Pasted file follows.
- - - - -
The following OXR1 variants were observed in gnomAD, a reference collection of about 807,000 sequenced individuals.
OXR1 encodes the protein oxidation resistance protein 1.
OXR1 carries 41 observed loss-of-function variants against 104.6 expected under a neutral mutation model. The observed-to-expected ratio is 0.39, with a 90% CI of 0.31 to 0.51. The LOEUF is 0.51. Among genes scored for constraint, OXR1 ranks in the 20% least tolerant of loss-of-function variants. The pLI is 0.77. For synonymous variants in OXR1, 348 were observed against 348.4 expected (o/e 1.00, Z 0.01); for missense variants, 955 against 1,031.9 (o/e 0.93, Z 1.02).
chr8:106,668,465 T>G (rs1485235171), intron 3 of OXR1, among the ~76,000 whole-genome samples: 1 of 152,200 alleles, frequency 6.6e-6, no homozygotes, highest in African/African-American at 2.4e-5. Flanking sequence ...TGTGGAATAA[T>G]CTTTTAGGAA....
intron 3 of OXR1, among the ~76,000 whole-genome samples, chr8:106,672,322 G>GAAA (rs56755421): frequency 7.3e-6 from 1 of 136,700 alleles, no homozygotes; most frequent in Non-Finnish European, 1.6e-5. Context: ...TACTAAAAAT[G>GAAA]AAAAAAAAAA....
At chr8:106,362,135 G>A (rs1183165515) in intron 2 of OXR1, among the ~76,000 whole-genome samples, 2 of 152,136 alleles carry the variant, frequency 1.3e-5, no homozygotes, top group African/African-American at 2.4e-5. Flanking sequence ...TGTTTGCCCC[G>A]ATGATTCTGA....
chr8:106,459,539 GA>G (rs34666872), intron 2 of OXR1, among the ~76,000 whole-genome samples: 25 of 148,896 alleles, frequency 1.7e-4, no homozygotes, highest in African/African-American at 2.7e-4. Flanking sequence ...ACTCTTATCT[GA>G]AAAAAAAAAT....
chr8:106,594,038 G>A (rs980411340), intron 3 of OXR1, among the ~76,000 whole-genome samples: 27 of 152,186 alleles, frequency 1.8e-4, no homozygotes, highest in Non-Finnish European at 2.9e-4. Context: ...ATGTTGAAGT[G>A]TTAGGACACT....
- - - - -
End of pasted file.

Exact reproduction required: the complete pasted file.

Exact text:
The following OXR1 variants were observed in gnomAD, a reference collection of about 807,000 sequenced individuals.
OXR1 encodes the protein oxidation resistance protein 1.
OXR1 carries 41 observed loss-of-function variants against 104.6 expected under a neutral mutation model. The observed-to-expected ratio is 0.39, with a 90% CI of 0.31 to 0.51. The LOEUF is 0.51. Among genes scored for constraint, OXR1 ranks in the 20% least tolerant of loss-of-function variants. The pLI is 0.77. For synonymous variants in OXR1, 348 were observed against 348.4 expected (o/e 1.00, Z 0.01); for missense variants, 955 against 1,031.9 (o/e 0.93, Z 1.02).
chr8:106,668,465 T>G (rs1485235171), intron 3 of OXR1, among the ~76,000 whole-genome samples: 1 of 152,200 alleles, frequency 6.6e-6, no homozygotes, highest in African/African-American at 2.4e-5. Flanking sequence ...TGTGGAATAA[T>G]CTTTTAGGAA....
intron 3 of OXR1, among the ~76,000 whole-genome samples, chr8:106,672,322 G>GAAA (rs56755421): frequency 7.3e-6 from 1 of 136,700 alleles, no homozygotes; most frequent in Non-Finnish European, 1.6e-5. Context: ...TACTAAAAAT[G>GAAA]AAAAAAAAAA....
At chr8:106,362,135 G>A (rs1183165515) in intron 2 of OXR1, among the ~76,000 whole-genome samples, 2 of 152,136 alleles carry the variant, frequency 1.3e-5, no homozygotes, top group African/African-American at 2.4e-5. Flanking sequence ...TGTTTGCCCC[G>A]ATGATTCTGA....
chr8:106,459,539 GA>G (rs34666872), intron 2 of OXR1, among the ~76,000 whole-genome samples: 25 of 148,896 alleles, frequency 1.7e-4, no homozygotes, highest in African/African-American at 2.7e-4. Flanking sequence ...ACTCTTATCT[GA>G]AAAAAAAAAT....
chr8:106,594,038 G>A (rs980411340), intron 3 of OXR1, among the ~76,000 whole-genome samples: 27 of 152,186 alleles, frequency 1.8e-4, no homozygotes, highest in Non-Finnish European at 2.9e-4. Context: ...ATGTTGAAGT[G>A]TTAGGACACT....